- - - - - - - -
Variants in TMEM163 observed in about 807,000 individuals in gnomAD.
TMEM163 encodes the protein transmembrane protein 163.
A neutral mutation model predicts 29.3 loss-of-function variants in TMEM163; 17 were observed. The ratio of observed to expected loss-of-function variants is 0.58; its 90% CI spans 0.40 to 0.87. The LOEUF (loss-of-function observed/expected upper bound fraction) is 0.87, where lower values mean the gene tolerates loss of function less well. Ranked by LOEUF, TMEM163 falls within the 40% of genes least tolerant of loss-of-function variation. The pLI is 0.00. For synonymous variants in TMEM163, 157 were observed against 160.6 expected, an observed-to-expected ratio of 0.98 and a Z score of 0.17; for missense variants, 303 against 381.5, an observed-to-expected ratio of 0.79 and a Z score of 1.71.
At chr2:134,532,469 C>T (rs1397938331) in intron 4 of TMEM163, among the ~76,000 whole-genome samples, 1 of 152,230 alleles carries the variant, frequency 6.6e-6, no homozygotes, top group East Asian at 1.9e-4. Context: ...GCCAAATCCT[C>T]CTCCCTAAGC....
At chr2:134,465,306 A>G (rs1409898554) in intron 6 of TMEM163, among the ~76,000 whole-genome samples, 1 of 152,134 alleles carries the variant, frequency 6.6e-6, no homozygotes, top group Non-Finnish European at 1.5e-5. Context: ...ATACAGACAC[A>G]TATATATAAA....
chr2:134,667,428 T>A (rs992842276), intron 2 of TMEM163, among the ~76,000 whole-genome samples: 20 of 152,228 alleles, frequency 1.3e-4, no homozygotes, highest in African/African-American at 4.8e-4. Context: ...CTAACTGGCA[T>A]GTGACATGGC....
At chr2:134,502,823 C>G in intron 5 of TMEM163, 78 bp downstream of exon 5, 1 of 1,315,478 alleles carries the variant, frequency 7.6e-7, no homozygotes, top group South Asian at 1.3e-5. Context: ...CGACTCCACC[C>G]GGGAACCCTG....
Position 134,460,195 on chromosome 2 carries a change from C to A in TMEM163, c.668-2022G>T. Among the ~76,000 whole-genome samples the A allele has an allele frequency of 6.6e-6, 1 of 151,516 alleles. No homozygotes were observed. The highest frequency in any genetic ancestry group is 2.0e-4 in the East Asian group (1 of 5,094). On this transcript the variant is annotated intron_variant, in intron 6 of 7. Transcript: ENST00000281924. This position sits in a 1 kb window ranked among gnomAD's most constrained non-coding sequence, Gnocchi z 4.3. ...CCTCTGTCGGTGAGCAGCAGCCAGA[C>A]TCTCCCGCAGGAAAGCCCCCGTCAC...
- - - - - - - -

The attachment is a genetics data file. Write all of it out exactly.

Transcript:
Variants in TMEM163 observed in about 807,000 individuals in gnomAD.
TMEM163 encodes the protein transmembrane protein 163.
A neutral mutation model predicts 29.3 loss-of-function variants in TMEM163; 17 were observed. The ratio of observed to expected loss-of-function variants is 0.58; its 90% CI spans 0.40 to 0.87. The LOEUF (loss-of-function observed/expected upper bound fraction) is 0.87, where lower values mean the gene tolerates loss of function less well. Ranked by LOEUF, TMEM163 falls within the 40% of genes least tolerant of loss-of-function variation. The pLI is 0.00. For synonymous variants in TMEM163, 157 were observed against 160.6 expected, an observed-to-expected ratio of 0.98 and a Z score of 0.17; for missense variants, 303 against 381.5, an observed-to-expected ratio of 0.79 and a Z score of 1.71.
At chr2:134,532,469 C>T (rs1397938331) in intron 4 of TMEM163, among the ~76,000 whole-genome samples, 1 of 152,230 alleles carries the variant, frequency 6.6e-6, no homozygotes, top group East Asian at 1.9e-4. Context: ...GCCAAATCCT[C>T]CTCCCTAAGC....
At chr2:134,465,306 A>G (rs1409898554) in intron 6 of TMEM163, among the ~76,000 whole-genome samples, 1 of 152,134 alleles carries the variant, frequency 6.6e-6, no homozygotes, top group Non-Finnish European at 1.5e-5. Context: ...ATACAGACAC[A>G]TATATATAAA....
chr2:134,667,428 T>A (rs992842276), intron 2 of TMEM163, among the ~76,000 whole-genome samples: 20 of 152,228 alleles, frequency 1.3e-4, no homozygotes, highest in African/African-American at 4.8e-4. Context: ...CTAACTGGCA[T>A]GTGACATGGC....
At chr2:134,502,823 C>G in intron 5 of TMEM163, 78 bp downstream of exon 5, 1 of 1,315,478 alleles carries the variant, frequency 7.6e-7, no homozygotes, top group South Asian at 1.3e-5. Context: ...CGACTCCACC[C>G]GGGAACCCTG....
Position 134,460,195 on chromosome 2 carries a change from C to A in TMEM163, c.668-2022G>T. Among the ~76,000 whole-genome samples the A allele has an allele frequency of 6.6e-6, 1 of 151,516 alleles. No homozygotes were observed. The highest frequency in any genetic ancestry group is 2.0e-4 in the East Asian group (1 of 5,094). On this transcript the variant is annotated intron_variant, in intron 6 of 7. Transcript: ENST00000281924. This position sits in a 1 kb window ranked among gnomAD's most constrained non-coding sequence, Gnocchi z 4.3. ...CCTCTGTCGGTGAGCAGCAGCCAGA[C>A]TCTCCCGCAGGAAAGCCCCCGTCAC...